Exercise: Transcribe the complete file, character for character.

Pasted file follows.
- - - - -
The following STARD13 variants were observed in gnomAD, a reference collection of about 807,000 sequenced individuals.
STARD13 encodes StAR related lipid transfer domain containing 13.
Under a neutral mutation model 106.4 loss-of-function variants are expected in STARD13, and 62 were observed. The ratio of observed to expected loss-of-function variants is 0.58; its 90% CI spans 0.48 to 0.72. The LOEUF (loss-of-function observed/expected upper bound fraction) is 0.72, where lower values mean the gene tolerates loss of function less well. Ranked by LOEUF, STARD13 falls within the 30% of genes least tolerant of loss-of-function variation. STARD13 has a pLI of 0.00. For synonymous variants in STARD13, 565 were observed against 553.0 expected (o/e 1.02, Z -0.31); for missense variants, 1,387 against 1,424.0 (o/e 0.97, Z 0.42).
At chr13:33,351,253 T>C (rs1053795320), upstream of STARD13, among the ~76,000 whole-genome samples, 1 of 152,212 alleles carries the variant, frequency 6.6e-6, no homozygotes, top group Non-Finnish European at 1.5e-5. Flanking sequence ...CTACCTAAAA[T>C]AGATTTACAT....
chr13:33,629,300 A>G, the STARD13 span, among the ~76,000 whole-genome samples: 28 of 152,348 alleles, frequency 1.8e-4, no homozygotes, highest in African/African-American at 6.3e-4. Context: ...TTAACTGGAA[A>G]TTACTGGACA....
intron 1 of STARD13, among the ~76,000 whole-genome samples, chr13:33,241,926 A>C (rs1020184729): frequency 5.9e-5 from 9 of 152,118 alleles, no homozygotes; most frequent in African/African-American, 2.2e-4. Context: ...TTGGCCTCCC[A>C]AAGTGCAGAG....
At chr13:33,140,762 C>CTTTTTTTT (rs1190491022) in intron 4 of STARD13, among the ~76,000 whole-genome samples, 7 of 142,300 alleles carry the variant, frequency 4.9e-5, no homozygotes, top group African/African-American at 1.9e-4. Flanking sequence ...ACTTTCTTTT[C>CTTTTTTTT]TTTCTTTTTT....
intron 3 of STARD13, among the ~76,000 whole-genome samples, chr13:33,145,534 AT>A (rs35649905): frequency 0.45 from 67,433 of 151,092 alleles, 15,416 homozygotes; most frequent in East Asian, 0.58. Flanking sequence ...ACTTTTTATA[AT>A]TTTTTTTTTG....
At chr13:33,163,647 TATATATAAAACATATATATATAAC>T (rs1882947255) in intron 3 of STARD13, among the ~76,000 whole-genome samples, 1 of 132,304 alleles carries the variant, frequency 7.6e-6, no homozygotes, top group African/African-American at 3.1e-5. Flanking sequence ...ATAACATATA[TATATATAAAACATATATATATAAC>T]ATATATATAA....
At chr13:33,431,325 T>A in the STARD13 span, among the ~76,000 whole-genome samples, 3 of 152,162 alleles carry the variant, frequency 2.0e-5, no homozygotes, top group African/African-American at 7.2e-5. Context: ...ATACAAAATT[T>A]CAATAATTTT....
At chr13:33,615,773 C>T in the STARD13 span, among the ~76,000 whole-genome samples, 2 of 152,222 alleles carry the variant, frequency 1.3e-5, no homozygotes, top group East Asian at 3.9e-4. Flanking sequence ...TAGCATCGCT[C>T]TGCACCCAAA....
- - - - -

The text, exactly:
The following STARD13 variants were observed in gnomAD, a reference collection of about 807,000 sequenced individuals.
STARD13 encodes StAR related lipid transfer domain containing 13.
Under a neutral mutation model 106.4 loss-of-function variants are expected in STARD13, and 62 were observed. The ratio of observed to expected loss-of-function variants is 0.58; its 90% CI spans 0.48 to 0.72. The LOEUF (loss-of-function observed/expected upper bound fraction) is 0.72, where lower values mean the gene tolerates loss of function less well. Ranked by LOEUF, STARD13 falls within the 30% of genes least tolerant of loss-of-function variation. STARD13 has a pLI of 0.00. For synonymous variants in STARD13, 565 were observed against 553.0 expected (o/e 1.02, Z -0.31); for missense variants, 1,387 against 1,424.0 (o/e 0.97, Z 0.42).
At chr13:33,351,253 T>C (rs1053795320), upstream of STARD13, among the ~76,000 whole-genome samples, 1 of 152,212 alleles carries the variant, frequency 6.6e-6, no homozygotes, top group Non-Finnish European at 1.5e-5. Flanking sequence ...CTACCTAAAA[T>C]AGATTTACAT....
chr13:33,629,300 A>G, the STARD13 span, among the ~76,000 whole-genome samples: 28 of 152,348 alleles, frequency 1.8e-4, no homozygotes, highest in African/African-American at 6.3e-4. Context: ...TTAACTGGAA[A>G]TTACTGGACA....
intron 1 of STARD13, among the ~76,000 whole-genome samples, chr13:33,241,926 A>C (rs1020184729): frequency 5.9e-5 from 9 of 152,118 alleles, no homozygotes; most frequent in African/African-American, 2.2e-4. Context: ...TTGGCCTCCC[A>C]AAGTGCAGAG....
At chr13:33,140,762 C>CTTTTTTTT (rs1190491022) in intron 4 of STARD13, among the ~76,000 whole-genome samples, 7 of 142,300 alleles carry the variant, frequency 4.9e-5, no homozygotes, top group African/African-American at 1.9e-4. Flanking sequence ...ACTTTCTTTT[C>CTTTTTTTT]TTTCTTTTTT....
intron 3 of STARD13, among the ~76,000 whole-genome samples, chr13:33,145,534 AT>A (rs35649905): frequency 0.45 from 67,433 of 151,092 alleles, 15,416 homozygotes; most frequent in East Asian, 0.58. Flanking sequence ...ACTTTTTATA[AT>A]TTTTTTTTTG....
At chr13:33,163,647 TATATATAAAACATATATATATAAC>T (rs1882947255) in intron 3 of STARD13, among the ~76,000 whole-genome samples, 1 of 132,304 alleles carries the variant, frequency 7.6e-6, no homozygotes, top group African/African-American at 3.1e-5. Flanking sequence ...ATAACATATA[TATATATAAAACATATATATATAAC>T]ATATATATAA....
At chr13:33,431,325 T>A in the STARD13 span, among the ~76,000 whole-genome samples, 3 of 152,162 alleles carry the variant, frequency 2.0e-5, no homozygotes, top group African/African-American at 7.2e-5. Context: ...ATACAAAATT[T>A]CAATAATTTT....
At chr13:33,615,773 C>T in the STARD13 span, among the ~76,000 whole-genome samples, 2 of 152,222 alleles carry the variant, frequency 1.3e-5, no homozygotes, top group East Asian at 3.9e-4. Flanking sequence ...TAGCATCGCT[C>T]TGCACCCAAA....